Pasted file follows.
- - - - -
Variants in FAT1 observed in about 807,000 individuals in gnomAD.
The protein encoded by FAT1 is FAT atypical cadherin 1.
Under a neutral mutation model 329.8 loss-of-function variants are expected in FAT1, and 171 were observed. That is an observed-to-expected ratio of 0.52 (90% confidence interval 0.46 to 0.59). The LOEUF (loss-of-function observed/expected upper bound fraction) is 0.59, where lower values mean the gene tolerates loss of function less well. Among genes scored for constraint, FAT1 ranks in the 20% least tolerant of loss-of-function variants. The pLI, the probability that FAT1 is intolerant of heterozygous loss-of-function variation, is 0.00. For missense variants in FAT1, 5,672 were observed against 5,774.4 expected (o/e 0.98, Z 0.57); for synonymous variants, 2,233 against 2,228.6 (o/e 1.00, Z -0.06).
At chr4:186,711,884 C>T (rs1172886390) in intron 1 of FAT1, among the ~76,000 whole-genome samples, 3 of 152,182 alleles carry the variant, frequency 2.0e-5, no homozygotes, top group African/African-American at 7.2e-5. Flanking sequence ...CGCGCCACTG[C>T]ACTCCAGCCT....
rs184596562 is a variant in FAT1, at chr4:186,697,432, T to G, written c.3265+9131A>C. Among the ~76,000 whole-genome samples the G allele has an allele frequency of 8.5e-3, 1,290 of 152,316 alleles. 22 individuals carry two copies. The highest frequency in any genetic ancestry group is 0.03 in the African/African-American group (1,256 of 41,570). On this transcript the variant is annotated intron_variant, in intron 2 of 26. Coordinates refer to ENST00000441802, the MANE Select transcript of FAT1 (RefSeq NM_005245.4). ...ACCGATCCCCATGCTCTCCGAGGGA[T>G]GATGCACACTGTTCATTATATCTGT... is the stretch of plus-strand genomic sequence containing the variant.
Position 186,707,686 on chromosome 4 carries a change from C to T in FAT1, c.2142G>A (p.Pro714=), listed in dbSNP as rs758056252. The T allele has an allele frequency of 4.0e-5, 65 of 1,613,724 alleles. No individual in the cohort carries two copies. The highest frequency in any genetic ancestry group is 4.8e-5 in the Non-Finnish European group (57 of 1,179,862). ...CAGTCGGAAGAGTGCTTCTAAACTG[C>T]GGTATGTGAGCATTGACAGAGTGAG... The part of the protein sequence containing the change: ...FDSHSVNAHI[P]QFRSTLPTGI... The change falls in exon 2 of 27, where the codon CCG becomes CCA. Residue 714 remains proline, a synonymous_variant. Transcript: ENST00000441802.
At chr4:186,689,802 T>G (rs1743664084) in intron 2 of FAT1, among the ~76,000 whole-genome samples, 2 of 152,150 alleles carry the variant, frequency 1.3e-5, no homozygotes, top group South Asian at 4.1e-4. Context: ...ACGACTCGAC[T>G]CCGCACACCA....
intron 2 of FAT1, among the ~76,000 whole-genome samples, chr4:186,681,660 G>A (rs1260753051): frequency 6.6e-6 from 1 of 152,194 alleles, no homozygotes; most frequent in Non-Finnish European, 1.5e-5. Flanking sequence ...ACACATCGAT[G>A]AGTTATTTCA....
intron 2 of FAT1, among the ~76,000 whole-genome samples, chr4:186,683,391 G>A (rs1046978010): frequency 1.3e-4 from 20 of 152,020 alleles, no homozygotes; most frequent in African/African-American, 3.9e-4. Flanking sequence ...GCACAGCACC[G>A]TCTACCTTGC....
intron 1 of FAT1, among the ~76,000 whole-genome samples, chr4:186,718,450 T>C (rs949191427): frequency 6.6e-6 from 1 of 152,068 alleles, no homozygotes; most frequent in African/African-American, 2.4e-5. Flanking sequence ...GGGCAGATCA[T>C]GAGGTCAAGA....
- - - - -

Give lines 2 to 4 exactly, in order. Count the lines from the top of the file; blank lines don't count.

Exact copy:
The protein encoded by FAT1 is FAT atypical cadherin 1.
Under a neutral mutation model 329.8 loss-of-function variants are expected in FAT1, and 171 were observed. That is an observed-to-expected ratio of 0.52 (90% confidence interval 0.46 to 0.59). The LOEUF (loss-of-function observed/expected upper bound fraction) is 0.59, where lower values mean the gene tolerates loss of function less well. Among genes scored for constraint, FAT1 ranks in the 20% least tolerant of loss-of-function variants. The pLI, the probability that FAT1 is intolerant of heterozygous loss-of-function variation, is 0.00. For missense variants in FAT1, 5,672 were observed against 5,774.4 expected (o/e 0.98, Z 0.57); for synonymous variants, 2,233 against 2,228.6 (o/e 1.00, Z -0.06).
At chr4:186,711,884 C>T (rs1172886390) in intron 1 of FAT1, among the ~76,000 whole-genome samples, 3 of 152,182 alleles carry the variant, frequency 2.0e-5, no homozygotes, top group African/African-American at 7.2e-5. Flanking sequence ...CGCGCCACTG[C>T]ACTCCAGCCT....